Penguin Viking 27th February 2020
One summer morning, a flight takes off from New York to Los Angeles. There are 192 people aboard: among them a young woman taking a pregnancy test in the airplane toilet; a Wall Street millionaire flirting with the air hostess; an injured soldier returning from Afghanistan; and two beleaguered parents moving across the country with their adolescent sons, bickering over who gets the window seat. When the plane suddenly crashes in a field in Colorado, the younger of these boys, twelve-year-old Edward Adler, is the sole survivor.
Dear Edward depicts Edward’s life in the crash’s aftermath as he struggles to make sense of the meaning of his survival, the strangeness of his sudden fame, and to find his place in the world without his family. In his new home with his aunt and uncle, the only solace comes from his friendship with the girl next door, Shay. Together Edward and Shay make a startling discovery: hidden in his uncle’s garage are sacks of letters from the relatives of the other passengers, addressed to Edward.
As Edward comes of age against the backdrop of sudden tragedy, he must confront some of his life’s most profound questions: how do we make the most of the time we are given? And what does it mean not just to survive, but to truly live?
This was a moving story told in 2 distinct time frames – Edward’s life after the crash and also the duration of the flight. Post accident, Edward works to rebuild his life living with his Aunt and Uncle, as the only survivor of the flight, awarded a Messiah like status by others; special to have survived and in addition to grieving he has to deal with new found fame and attention.
The flight is told in time slots and the reader becomes familiar with some of the passengers and their lives, knowing they are going to die. With a cast of colourful characters on the flight their stories are both interesting and entertaining. However as the plane gets into difficulty and the circumstances of the crash play out, it does not make easy reading. Later Edward’s recovery and the flight passengers link up as he and Shay read the letters from the passengers relatives, as part of a process of Edward’s healing, aspects of this are incredibly touching.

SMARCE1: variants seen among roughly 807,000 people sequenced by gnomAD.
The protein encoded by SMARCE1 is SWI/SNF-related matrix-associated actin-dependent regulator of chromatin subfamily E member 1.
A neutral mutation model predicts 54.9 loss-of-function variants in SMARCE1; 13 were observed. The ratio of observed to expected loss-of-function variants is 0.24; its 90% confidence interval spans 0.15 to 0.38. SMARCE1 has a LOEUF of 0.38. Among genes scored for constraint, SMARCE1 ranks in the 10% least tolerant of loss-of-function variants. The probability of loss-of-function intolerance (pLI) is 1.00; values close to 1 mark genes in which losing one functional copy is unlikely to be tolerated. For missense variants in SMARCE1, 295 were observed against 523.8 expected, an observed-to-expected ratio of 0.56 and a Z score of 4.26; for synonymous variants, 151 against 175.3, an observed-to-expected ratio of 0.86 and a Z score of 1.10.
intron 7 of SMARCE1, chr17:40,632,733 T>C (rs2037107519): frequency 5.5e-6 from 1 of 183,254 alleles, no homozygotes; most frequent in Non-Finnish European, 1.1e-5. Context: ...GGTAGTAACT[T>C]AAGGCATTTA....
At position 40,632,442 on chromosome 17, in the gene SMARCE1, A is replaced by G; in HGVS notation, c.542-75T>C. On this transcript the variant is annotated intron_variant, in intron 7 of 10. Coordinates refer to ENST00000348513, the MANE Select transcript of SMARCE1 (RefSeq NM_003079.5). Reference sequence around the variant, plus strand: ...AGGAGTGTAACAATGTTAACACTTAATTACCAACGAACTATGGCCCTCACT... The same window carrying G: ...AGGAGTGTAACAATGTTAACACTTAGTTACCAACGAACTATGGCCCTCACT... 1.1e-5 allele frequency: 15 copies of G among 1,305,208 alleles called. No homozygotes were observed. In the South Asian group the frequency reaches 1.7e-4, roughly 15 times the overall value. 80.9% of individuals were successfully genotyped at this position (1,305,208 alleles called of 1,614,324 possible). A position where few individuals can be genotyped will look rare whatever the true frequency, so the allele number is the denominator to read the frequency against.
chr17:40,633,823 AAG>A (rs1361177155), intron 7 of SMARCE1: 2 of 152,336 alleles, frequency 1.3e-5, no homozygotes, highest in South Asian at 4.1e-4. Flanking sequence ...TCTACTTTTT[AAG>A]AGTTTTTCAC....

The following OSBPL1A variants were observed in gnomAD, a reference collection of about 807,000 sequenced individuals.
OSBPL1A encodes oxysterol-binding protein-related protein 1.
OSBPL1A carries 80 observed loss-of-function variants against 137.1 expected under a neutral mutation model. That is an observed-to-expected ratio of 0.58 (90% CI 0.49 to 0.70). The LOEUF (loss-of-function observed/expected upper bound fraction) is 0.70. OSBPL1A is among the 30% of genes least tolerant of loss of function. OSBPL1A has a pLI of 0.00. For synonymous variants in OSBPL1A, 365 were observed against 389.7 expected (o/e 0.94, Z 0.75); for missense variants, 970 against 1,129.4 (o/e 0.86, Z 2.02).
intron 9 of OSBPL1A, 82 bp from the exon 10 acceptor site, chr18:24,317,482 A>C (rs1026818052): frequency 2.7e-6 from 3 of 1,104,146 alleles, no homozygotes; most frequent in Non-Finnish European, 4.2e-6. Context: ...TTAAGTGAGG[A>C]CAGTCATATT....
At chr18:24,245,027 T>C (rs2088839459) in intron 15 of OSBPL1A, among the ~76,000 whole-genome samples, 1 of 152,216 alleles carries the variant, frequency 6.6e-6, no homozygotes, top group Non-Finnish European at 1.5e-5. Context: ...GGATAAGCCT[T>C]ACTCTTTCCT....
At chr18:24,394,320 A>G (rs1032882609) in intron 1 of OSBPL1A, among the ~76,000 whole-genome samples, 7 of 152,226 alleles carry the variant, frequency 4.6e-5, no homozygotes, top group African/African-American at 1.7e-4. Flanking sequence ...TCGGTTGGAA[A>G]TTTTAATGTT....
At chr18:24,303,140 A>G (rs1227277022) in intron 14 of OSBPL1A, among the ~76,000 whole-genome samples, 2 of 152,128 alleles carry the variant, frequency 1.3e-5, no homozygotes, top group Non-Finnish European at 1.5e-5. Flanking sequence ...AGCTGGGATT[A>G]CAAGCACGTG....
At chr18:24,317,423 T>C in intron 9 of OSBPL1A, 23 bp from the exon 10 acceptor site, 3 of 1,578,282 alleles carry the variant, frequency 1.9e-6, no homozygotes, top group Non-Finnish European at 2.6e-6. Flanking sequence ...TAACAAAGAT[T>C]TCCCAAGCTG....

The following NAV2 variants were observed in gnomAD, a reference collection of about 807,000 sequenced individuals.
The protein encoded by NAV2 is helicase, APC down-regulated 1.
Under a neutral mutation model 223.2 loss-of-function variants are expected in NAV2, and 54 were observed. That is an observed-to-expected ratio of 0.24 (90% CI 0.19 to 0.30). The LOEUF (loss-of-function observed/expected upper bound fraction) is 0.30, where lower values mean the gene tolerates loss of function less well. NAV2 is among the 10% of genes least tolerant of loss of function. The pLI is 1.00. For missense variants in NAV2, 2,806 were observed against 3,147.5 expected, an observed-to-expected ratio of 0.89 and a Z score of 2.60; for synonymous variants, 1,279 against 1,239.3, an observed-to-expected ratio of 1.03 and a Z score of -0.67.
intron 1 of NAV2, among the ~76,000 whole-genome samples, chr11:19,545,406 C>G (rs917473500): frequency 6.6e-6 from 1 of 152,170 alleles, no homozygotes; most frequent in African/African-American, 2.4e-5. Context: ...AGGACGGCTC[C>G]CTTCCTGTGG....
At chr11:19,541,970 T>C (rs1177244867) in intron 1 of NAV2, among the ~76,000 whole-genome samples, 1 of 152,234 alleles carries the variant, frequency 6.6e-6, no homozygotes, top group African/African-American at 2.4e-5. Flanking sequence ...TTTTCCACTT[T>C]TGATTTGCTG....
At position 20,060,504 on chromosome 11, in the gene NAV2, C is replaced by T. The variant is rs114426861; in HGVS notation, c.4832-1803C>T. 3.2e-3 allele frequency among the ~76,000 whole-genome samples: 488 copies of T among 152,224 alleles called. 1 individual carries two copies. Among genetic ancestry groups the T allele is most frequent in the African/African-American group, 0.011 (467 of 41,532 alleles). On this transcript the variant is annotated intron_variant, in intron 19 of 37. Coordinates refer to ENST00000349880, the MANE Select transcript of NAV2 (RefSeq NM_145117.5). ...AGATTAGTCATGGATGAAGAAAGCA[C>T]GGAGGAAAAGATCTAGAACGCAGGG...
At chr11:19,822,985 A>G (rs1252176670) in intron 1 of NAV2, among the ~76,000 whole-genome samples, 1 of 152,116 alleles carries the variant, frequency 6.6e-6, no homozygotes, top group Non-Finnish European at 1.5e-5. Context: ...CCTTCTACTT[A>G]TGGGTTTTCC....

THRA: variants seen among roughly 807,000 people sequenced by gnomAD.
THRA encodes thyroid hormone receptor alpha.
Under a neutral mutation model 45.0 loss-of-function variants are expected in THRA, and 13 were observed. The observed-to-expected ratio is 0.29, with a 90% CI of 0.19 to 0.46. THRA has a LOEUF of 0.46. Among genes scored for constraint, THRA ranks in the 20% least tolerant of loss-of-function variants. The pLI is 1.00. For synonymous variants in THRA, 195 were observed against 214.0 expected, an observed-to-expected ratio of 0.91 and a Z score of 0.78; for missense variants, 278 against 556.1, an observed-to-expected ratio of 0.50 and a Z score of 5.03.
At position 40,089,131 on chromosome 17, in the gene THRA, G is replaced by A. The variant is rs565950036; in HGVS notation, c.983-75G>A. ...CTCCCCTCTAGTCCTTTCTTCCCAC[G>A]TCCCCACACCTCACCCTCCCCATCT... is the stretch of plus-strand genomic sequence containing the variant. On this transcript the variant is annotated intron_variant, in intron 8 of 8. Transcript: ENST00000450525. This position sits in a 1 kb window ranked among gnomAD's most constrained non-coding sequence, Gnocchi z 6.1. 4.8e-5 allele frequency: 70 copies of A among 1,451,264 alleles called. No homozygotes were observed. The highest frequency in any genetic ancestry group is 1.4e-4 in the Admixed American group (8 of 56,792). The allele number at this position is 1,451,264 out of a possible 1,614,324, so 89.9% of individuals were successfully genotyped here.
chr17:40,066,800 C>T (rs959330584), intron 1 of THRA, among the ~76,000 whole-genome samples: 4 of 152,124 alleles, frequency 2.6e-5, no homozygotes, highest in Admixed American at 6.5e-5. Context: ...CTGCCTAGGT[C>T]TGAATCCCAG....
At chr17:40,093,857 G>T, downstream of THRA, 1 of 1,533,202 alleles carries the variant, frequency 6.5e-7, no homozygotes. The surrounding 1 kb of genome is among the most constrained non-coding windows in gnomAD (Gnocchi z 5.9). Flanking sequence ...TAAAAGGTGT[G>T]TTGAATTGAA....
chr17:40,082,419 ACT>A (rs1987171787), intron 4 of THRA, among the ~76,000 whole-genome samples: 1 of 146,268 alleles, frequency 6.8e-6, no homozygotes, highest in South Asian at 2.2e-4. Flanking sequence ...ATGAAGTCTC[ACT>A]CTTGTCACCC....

This was an interesting book to read and I liked both parts of the story, it’s told in the third person narrative and this has the effect of creating some distance between the reader and Edward – potentially making the story less sad and told in a more matter of fact manner. That said this story is heart breaking and while Edward’s story was very readable the letters were incredibly sad. It is a story best appreciated at its end and I finished the book with wet eyes, subdued that it was over.
Publishing on 27th February, do look out for this book, it is a different but wonderful read accompanying Edward through a horrific event and his subsequent recovery with some real heart warming moments and an emphasis on the power of relationships to heal.
About the Author
Ann Napolitano is the author of the novels A Good Hard Look and Within Arm’s Reach. She is also the assistant editor of One Story literary magazine. She received an MFA from New York University; she has taught fiction writing for Brooklyn College’s MFA programme, New York University’s School of Continuing and Professional Studies and for Gotham Writers’ Workshop. She lives in Brooklyn with her husband and two children.